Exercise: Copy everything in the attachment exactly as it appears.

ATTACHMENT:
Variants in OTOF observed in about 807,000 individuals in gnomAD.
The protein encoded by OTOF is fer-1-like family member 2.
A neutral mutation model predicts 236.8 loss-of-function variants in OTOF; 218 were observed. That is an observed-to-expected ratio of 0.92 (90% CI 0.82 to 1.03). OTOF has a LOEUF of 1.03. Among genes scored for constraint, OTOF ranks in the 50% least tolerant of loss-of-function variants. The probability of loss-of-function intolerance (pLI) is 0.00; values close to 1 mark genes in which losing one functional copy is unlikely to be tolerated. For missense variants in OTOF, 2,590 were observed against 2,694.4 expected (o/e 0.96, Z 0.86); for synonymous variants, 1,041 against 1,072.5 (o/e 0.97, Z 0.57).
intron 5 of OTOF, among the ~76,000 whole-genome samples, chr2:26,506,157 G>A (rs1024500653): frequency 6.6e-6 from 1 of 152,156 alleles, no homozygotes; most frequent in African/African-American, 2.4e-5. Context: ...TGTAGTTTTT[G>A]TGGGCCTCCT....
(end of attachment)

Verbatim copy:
Variants in OTOF observed in about 807,000 individuals in gnomAD.
The protein encoded by OTOF is fer-1-like family member 2.
A neutral mutation model predicts 236.8 loss-of-function variants in OTOF; 218 were observed. That is an observed-to-expected ratio of 0.92 (90% CI 0.82 to 1.03). OTOF has a LOEUF of 1.03. Among genes scored for constraint, OTOF ranks in the 50% least tolerant of loss-of-function variants. The probability of loss-of-function intolerance (pLI) is 0.00; values close to 1 mark genes in which losing one functional copy is unlikely to be tolerated. For missense variants in OTOF, 2,590 were observed against 2,694.4 expected (o/e 0.96, Z 0.86); for synonymous variants, 1,041 against 1,072.5 (o/e 0.97, Z 0.57).
intron 5 of OTOF, among the ~76,000 whole-genome samples, chr2:26,506,157 G>A (rs1024500653): frequency 6.6e-6 from 1 of 152,156 alleles, no homozygotes; most frequent in African/African-American, 2.4e-5. Context: ...TGTAGTTTTT[G>A]TGGGCCTCCT....